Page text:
Android updates, particularly in the United States, are often the cause of strife amongst those who own Android smartphones as they often roll out slowly, or not at all, for reasons that are often unclear. While many have their theories, Verizon has given us a look at how it, supposedly, decides which phones get updates like Android 4.1 Jelly Bean and which ones don’t.
As most Android smartphone and tablet owners know, the Android update process can be an extremely frustrating one on occasion. In years past, we’ve seen promised updates cancelled or delayed for extended periods of time. We’ve seen devices, without any lengthy explanation, kept on older software. We’ve seen carriers botch updates – the Droid RAZR Jelly Bean update and the AT&T Galaxy S2 ICS update come to mind – and we’ve seen American carriers consistently come in last in terms of roll out timing.
The problems with the Android update process, particularly on Verizon, where updates generally roll out long after rival carrier updates, have caused owners and critics alike to not only point fingers but come up with conspiracy theories about the update process. In an effort to clear the air, we’ve spoken to Verizon Public Relations representative, Laura Merrit, about the Android update process and how Verizon ultimately decides on which phones to update to the latest version of Android.
In response to our inquries about the missing Droid Incredible 2 Ice Cream Sandwich update, an update that has been delayed since August and now is in doubt, Merrit relayed some useful information in regards to the Android update decision process that takes place at the nation’s largest 4G LTE service provider.
Merrit has run down many of the steps that the carrier takes in determining whether an Android 4.0 Ice Cream Sandwich update or a Jelly Bean update is fit for release.
First, she points out that Verizon “does not have some broad policy regarding upgrading devices to ICS or any other updates.” Instead, the carrier opts to look at devices on a case-by-case basis, with a focus on whether the update will be a good experience for the user.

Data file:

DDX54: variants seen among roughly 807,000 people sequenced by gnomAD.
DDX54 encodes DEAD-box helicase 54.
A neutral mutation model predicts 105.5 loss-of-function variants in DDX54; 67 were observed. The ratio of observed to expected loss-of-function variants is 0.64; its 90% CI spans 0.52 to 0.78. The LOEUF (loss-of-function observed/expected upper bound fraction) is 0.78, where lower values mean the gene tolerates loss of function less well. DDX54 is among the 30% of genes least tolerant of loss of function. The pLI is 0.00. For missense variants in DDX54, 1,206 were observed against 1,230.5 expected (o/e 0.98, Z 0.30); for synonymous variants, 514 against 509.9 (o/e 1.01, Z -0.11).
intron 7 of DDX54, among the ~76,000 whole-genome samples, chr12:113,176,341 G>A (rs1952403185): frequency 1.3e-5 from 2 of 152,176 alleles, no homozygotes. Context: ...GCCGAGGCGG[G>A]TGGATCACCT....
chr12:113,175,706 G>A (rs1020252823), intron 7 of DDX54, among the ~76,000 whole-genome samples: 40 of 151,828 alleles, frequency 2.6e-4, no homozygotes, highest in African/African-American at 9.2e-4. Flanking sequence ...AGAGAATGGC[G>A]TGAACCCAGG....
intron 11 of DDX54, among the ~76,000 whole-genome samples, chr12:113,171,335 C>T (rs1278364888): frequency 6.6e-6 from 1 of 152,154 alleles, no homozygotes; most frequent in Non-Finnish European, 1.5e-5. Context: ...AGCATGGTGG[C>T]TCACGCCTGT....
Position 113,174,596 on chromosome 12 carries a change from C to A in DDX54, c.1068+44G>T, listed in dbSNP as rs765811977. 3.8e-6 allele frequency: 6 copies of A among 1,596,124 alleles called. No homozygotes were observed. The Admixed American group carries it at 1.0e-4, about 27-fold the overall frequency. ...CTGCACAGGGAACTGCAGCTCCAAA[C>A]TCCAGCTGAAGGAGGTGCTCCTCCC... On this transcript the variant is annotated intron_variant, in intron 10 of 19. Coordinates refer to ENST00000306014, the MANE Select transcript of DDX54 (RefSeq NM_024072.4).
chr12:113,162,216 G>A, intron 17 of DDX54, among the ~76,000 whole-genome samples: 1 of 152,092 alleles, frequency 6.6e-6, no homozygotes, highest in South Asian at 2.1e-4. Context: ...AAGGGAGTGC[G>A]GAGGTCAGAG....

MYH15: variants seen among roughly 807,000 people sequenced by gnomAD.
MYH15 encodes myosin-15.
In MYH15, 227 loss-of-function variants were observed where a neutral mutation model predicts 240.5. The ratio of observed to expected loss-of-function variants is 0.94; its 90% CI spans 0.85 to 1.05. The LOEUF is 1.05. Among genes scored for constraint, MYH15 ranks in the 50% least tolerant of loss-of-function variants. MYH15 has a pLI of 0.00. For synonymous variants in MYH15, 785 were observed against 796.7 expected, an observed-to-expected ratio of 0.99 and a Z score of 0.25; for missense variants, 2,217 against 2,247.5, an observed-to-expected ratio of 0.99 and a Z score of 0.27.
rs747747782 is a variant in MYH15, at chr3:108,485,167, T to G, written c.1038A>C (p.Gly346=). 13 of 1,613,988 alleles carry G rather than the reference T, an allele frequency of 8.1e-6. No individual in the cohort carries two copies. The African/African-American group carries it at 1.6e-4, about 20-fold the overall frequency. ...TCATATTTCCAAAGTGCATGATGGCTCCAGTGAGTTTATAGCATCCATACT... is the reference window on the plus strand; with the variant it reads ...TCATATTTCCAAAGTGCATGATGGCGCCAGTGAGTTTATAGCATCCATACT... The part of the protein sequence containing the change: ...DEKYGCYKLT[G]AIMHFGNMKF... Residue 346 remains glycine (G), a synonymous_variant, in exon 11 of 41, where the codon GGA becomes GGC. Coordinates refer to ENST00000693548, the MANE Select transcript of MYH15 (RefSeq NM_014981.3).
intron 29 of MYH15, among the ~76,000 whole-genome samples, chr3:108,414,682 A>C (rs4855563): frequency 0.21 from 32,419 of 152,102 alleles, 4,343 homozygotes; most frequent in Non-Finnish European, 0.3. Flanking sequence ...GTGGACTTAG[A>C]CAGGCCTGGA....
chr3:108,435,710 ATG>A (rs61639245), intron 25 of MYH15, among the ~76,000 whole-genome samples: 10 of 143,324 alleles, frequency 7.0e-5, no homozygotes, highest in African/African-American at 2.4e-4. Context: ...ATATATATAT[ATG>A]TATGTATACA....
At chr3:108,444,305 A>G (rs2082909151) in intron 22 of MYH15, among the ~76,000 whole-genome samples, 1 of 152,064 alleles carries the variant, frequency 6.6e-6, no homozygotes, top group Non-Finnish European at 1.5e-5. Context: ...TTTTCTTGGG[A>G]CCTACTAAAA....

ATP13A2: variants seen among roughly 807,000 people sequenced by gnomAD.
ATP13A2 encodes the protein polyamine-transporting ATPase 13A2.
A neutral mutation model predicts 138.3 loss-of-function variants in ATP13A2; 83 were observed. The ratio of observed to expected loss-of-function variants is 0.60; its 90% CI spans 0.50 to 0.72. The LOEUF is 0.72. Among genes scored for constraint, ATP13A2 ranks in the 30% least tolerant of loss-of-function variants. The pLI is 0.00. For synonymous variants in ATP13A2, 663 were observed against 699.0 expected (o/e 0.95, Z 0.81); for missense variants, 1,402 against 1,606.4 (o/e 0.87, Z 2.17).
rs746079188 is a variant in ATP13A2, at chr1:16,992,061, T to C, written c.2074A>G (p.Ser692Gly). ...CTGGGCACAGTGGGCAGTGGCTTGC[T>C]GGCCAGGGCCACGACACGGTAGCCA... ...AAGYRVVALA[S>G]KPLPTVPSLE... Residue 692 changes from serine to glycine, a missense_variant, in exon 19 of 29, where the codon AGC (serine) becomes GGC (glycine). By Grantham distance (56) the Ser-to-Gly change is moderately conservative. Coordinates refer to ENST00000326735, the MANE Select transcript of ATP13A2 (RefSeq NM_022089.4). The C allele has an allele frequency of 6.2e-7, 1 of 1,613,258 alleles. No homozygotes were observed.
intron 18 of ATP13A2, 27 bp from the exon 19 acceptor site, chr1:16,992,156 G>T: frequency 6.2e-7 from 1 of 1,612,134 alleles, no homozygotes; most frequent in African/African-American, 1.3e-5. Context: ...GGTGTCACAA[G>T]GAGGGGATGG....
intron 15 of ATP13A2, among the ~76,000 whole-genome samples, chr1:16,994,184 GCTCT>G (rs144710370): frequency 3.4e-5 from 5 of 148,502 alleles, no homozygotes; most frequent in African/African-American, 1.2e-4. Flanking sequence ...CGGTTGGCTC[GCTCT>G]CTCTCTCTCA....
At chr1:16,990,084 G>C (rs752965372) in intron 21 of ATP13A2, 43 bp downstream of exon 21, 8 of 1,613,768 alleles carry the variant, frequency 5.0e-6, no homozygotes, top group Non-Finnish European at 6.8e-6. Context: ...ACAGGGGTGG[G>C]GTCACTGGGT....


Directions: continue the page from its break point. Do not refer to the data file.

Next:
The first thing that Verizon considers about a potential update are the capabilities of a device. She says that “a customer using a single core device may not have the same robust experience as a dual or quad core device owner.” This could explain why the carrier and HTC ran into issues with the single-core Droid Incredible 2.
Merrit also says that every update “involves extensive testing to ensure the device integrity and the customer experience are not compromised.” If the user experience is indeed compromised, Merrit says that “the decision would be to not proceed otherwise the customer will find their experience is not what they expected.”
Verizon is often last to major Android updates and smaller bug fix updates and a lot of the blame has been placed on its extensive testing process, which Merrit alludes to here. And while Verizon’s process is seemingly done with the user in mind, the slowness of the process has not only driven users to installing unreleased software to skip the wait times, but also seemingly pushed Google to release the Nexus 4 without carrier support in an effort to ensure swifter updates.
It’s all a bit of a Catch-22 as carriers see an obligation to avoid rolling out updates that could frustrate users but ultimately end up frustrating them anyway with the timing.
Google has taken efforts to speed up Android updates with the introduction of an Android PDK for Android manufacturers, but until the carrier approval process is overhauled or done away with completely, Android smartphone owners are going to be at the mercy of American carriers, whether Verizon and other carriers have the user in mind or not.
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